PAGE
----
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Full text: content.pdf (719,511 bytes) (available to registered users only)

Series: w78:1998 (browse)
Cluster: papers of the same cluster (result of machine made clusters)
Class: class.communication (0.057235) class.environment (0.023003) class.synthesis (0.022896)
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Permission to reproduce these papers has been graciously provided by Royal Institute of Technology, Stockholm, Sweden. The assistance of the editors, Prof. Bo-Christer Björk and Dr. Adina Jägbeck, is gratefully appreciated.


Alexander Löfgren

User-Oriented Implementation Strategy For Mobile Computing At Construction Sites

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Series: w78:2006 (browse)
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Alexander Löfgren

Towards mobile lean communication for production management

Abstract: This paper reports on an ongoing case study of a mobile computing pilot project at Sweden’s largest con-struction company, Skanska AB. The company has recognized the potential of a mobile computing platform based on the tablet computer user device for construction site management teams. A global initiative within the company has started with the aim of improving information management and project communication at production site operations with the use of tablet computers. The paper portrays Skanska’s ambition towards the creation of usefulness and benefit of the tablet platform for the site based mobile workforce in the initial development and implementation process. The evolving mobile computing project has so far been directly influenced by the needs of intended end users and pro-gressed in a trial and error fashion. The paper also discusses the role of mobile computing and project communication in a wider industrialization perspective; integration of project organization and technology that enables an effective platform for collaboration to facilitate leaner communication in the construction process.

Keywords: mobile computing, construction site, production management, tablet computer, usefulness, implementa-tion, project communication

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Andy Dong, Mary Lou Maher, and Yohann Daruwala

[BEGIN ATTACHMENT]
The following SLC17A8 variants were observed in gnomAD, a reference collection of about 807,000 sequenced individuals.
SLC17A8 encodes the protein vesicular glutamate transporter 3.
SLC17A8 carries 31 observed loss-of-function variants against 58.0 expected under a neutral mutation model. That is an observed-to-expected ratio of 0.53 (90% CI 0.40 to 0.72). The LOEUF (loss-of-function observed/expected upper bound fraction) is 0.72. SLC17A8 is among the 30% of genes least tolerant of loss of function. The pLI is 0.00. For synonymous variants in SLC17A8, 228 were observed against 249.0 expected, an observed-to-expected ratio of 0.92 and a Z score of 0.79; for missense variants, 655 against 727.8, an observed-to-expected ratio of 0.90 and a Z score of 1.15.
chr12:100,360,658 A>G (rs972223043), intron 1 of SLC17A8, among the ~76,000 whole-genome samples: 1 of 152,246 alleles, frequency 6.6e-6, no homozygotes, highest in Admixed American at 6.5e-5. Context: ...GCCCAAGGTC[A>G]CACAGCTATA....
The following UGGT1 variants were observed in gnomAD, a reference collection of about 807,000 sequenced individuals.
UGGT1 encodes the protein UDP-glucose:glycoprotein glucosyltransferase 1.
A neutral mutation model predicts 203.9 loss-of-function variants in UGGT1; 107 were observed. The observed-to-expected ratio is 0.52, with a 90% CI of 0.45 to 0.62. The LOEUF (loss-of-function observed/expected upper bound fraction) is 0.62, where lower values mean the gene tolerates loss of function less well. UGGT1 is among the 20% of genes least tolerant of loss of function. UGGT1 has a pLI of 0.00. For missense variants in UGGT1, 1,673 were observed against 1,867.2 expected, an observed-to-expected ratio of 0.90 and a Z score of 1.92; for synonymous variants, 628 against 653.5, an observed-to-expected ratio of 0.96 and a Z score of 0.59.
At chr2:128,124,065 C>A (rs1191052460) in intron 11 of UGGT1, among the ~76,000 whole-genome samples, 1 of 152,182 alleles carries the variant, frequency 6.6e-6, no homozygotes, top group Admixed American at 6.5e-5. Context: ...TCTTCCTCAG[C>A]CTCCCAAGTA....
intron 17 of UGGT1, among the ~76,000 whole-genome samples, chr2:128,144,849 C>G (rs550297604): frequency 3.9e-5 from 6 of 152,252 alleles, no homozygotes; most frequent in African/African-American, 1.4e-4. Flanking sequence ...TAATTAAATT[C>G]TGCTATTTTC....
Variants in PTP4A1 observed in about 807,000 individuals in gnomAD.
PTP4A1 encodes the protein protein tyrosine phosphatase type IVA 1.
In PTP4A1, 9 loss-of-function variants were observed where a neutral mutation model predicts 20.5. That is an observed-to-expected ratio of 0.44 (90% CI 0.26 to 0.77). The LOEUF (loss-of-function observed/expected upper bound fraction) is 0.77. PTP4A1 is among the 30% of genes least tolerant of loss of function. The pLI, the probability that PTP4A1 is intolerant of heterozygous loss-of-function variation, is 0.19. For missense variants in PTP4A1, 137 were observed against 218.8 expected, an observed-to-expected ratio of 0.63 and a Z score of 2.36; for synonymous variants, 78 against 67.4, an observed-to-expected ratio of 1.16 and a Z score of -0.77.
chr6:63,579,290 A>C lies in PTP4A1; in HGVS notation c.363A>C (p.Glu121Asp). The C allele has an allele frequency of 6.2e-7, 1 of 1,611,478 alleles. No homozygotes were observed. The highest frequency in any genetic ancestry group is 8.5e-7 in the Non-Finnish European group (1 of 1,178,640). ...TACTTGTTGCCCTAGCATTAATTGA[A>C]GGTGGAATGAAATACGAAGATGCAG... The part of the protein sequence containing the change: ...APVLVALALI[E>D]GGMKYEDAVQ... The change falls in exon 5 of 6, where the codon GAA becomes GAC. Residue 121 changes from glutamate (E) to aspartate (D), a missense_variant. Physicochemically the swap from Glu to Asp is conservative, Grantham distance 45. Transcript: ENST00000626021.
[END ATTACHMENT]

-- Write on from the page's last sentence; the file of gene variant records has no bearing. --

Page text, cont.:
Construction Defect Reporting Using Mobile And Digital Workbench Technologies

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Ayer S,Messner J,Anumba C

ecoCampus: a new approach to sustainable design education

Abstract: Civil and architectural engineering education programs strive to prepare students to design built environments that will be used by society. Some of these built systems can be challenging for laypeople to visualize while learning the design process. This research focuses on improving the way that students visualize and engage with building design content through the creation of a novel educational tool for designing sustainable building elements. The tool prototype, called ecoCampus, is an educational game that uses augmented reality technology on a mobile computing platform. It allows users to visualize a possible building retrofit design in the context of an existing built space and also receive tailored feedback about their design. The prototype application was tested with 47 first-year architectural engineering students to better understand the benefit of this tool. The results of this implementation were analyzed and compared to the results of prior semesters’ students who were tasked with completing a similar retrofit design activity without the use of ecoCampus or a mobile computing device. This comparison suggests that students who completed the ecoCampus activity were more likely to complete multiple design iterations as well as experiment with materials other than those present in the existing wall, suggesting that ecoCampus may help to break the tendency toward design fixation. Additionally, students generally rated the experience as highly enjoyable, suggesting engagement with this teaching tool. Future work will implement the ecoCampus experience with students in several building-related majors to identify possible additional benefits that can be observed.

Keywords: ecoCampus,Simulation Game,Augmented Reality,Engineering Education,Situated Learning Theory

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Series: convr:2013 (browse)